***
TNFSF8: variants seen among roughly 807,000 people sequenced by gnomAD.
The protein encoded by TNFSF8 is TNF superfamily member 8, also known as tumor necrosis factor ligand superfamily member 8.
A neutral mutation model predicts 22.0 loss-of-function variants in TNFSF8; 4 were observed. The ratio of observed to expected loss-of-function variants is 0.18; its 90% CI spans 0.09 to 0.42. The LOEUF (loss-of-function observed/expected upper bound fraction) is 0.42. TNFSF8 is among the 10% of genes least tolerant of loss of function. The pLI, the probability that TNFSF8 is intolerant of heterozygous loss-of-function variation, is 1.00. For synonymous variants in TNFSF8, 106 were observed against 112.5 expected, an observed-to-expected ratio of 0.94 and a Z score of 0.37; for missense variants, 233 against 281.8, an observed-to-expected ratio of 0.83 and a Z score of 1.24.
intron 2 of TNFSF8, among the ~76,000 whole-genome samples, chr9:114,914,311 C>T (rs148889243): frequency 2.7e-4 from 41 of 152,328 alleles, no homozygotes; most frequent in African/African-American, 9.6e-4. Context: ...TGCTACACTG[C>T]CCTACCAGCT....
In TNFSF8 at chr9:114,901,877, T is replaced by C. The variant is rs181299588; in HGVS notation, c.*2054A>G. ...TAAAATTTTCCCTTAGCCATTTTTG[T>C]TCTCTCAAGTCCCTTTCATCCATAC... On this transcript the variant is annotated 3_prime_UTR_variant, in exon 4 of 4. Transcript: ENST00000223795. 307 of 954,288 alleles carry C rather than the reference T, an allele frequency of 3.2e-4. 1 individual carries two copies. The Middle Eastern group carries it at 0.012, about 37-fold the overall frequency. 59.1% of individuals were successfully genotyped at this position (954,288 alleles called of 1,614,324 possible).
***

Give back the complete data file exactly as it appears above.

TNFSF8: variants seen among roughly 807,000 people sequenced by gnomAD.
The protein encoded by TNFSF8 is TNF superfamily member 8, also known as tumor necrosis factor ligand superfamily member 8.
A neutral mutation model predicts 22.0 loss-of-function variants in TNFSF8; 4 were observed. The ratio of observed to expected loss-of-function variants is 0.18; its 90% CI spans 0.09 to 0.42. The LOEUF (loss-of-function observed/expected upper bound fraction) is 0.42. TNFSF8 is among the 10% of genes least tolerant of loss of function. The pLI, the probability that TNFSF8 is intolerant of heterozygous loss-of-function variation, is 1.00. For synonymous variants in TNFSF8, 106 were observed against 112.5 expected, an observed-to-expected ratio of 0.94 and a Z score of 0.37; for missense variants, 233 against 281.8, an observed-to-expected ratio of 0.83 and a Z score of 1.24.
intron 2 of TNFSF8, among the ~76,000 whole-genome samples, chr9:114,914,311 C>T (rs148889243): frequency 2.7e-4 from 41 of 152,328 alleles, no homozygotes; most frequent in African/African-American, 9.6e-4. Context: ...TGCTACACTG[C>T]CCTACCAGCT....
In TNFSF8 at chr9:114,901,877, T is replaced by C. The variant is rs181299588; in HGVS notation, c.*2054A>G. ...TAAAATTTTCCCTTAGCCATTTTTG[T>C]TCTCTCAAGTCCCTTTCATCCATAC... On this transcript the variant is annotated 3_prime_UTR_variant, in exon 4 of 4. Transcript: ENST00000223795. 307 of 954,288 alleles carry C rather than the reference T, an allele frequency of 3.2e-4. 1 individual carries two copies. The Middle Eastern group carries it at 0.012, about 37-fold the overall frequency. 59.1% of individuals were successfully genotyped at this position (954,288 alleles called of 1,614,324 possible).